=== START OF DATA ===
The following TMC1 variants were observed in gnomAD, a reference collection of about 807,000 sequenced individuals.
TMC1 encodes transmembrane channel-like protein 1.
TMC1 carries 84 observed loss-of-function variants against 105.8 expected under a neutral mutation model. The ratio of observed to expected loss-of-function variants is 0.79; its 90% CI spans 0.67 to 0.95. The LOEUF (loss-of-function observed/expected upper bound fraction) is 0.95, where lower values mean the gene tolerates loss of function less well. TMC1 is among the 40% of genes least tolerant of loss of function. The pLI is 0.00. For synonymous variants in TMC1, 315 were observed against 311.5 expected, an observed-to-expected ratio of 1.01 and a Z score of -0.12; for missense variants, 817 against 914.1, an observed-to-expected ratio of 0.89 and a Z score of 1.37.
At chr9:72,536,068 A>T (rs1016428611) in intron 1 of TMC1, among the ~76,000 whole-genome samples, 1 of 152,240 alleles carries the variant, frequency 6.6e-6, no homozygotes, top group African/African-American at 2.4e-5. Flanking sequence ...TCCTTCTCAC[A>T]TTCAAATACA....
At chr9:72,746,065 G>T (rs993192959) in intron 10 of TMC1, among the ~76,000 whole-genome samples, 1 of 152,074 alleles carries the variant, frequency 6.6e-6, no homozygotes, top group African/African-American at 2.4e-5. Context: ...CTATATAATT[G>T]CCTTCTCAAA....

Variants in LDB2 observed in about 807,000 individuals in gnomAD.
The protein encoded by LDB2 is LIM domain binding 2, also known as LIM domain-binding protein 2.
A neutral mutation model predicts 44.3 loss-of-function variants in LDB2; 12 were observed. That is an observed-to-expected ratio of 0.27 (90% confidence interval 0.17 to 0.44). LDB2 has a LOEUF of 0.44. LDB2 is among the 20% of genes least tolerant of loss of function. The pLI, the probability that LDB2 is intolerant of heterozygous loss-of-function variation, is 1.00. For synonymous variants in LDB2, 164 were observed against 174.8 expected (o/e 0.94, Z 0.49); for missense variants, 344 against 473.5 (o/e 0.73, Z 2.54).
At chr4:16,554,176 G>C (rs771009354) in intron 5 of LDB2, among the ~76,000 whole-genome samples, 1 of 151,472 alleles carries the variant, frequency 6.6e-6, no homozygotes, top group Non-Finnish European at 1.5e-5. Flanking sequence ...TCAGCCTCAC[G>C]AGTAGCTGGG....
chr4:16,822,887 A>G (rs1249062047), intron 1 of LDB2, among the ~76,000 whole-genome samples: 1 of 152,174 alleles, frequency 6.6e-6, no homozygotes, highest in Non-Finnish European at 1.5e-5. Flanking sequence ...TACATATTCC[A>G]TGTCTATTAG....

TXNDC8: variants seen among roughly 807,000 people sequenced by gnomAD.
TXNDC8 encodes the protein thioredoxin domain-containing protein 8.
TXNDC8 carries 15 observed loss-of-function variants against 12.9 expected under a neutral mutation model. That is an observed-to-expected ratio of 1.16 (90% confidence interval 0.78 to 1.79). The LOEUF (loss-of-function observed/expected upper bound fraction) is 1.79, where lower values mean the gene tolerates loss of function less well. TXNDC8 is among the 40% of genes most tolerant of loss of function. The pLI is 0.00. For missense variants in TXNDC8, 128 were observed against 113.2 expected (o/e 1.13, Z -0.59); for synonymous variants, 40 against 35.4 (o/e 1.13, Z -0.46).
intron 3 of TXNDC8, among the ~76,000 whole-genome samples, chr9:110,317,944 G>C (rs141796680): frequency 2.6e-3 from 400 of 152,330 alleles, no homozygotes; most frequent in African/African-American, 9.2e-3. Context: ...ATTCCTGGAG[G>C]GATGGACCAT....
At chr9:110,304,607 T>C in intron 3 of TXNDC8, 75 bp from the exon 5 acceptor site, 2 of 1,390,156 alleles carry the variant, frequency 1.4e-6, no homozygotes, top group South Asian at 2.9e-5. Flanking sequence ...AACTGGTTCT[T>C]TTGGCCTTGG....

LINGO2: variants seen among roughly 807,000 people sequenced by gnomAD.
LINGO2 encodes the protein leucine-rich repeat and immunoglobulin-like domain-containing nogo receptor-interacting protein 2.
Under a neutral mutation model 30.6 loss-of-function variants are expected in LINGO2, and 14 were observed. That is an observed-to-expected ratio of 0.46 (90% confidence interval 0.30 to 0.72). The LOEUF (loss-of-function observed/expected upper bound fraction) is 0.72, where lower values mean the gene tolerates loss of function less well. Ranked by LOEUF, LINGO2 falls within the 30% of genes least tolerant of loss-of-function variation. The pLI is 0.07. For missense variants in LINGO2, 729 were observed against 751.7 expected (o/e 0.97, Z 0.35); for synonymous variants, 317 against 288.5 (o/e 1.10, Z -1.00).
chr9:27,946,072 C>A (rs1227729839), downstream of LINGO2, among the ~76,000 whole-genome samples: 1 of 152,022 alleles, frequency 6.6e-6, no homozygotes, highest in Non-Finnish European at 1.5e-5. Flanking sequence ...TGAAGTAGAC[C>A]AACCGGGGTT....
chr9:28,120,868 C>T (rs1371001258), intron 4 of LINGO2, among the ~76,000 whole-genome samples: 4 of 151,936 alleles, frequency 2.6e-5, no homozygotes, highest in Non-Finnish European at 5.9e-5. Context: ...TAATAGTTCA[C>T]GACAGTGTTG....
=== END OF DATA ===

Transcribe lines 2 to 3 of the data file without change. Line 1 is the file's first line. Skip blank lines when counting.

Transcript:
TMC1 encodes transmembrane channel-like protein 1.
TMC1 carries 84 observed loss-of-function variants against 105.8 expected under a neutral mutation model. The ratio of observed to expected loss-of-function variants is 0.79; its 90% CI spans 0.67 to 0.95. The LOEUF (loss-of-function observed/expected upper bound fraction) is 0.95, where lower values mean the gene tolerates loss of function less well. TMC1 is among the 40% of genes least tolerant of loss of function. The pLI is 0.00. For synonymous variants in TMC1, 315 were observed against 311.5 expected, an observed-to-expected ratio of 1.01 and a Z score of -0.12; for missense variants, 817 against 914.1, an observed-to-expected ratio of 0.89 and a Z score of 1.37.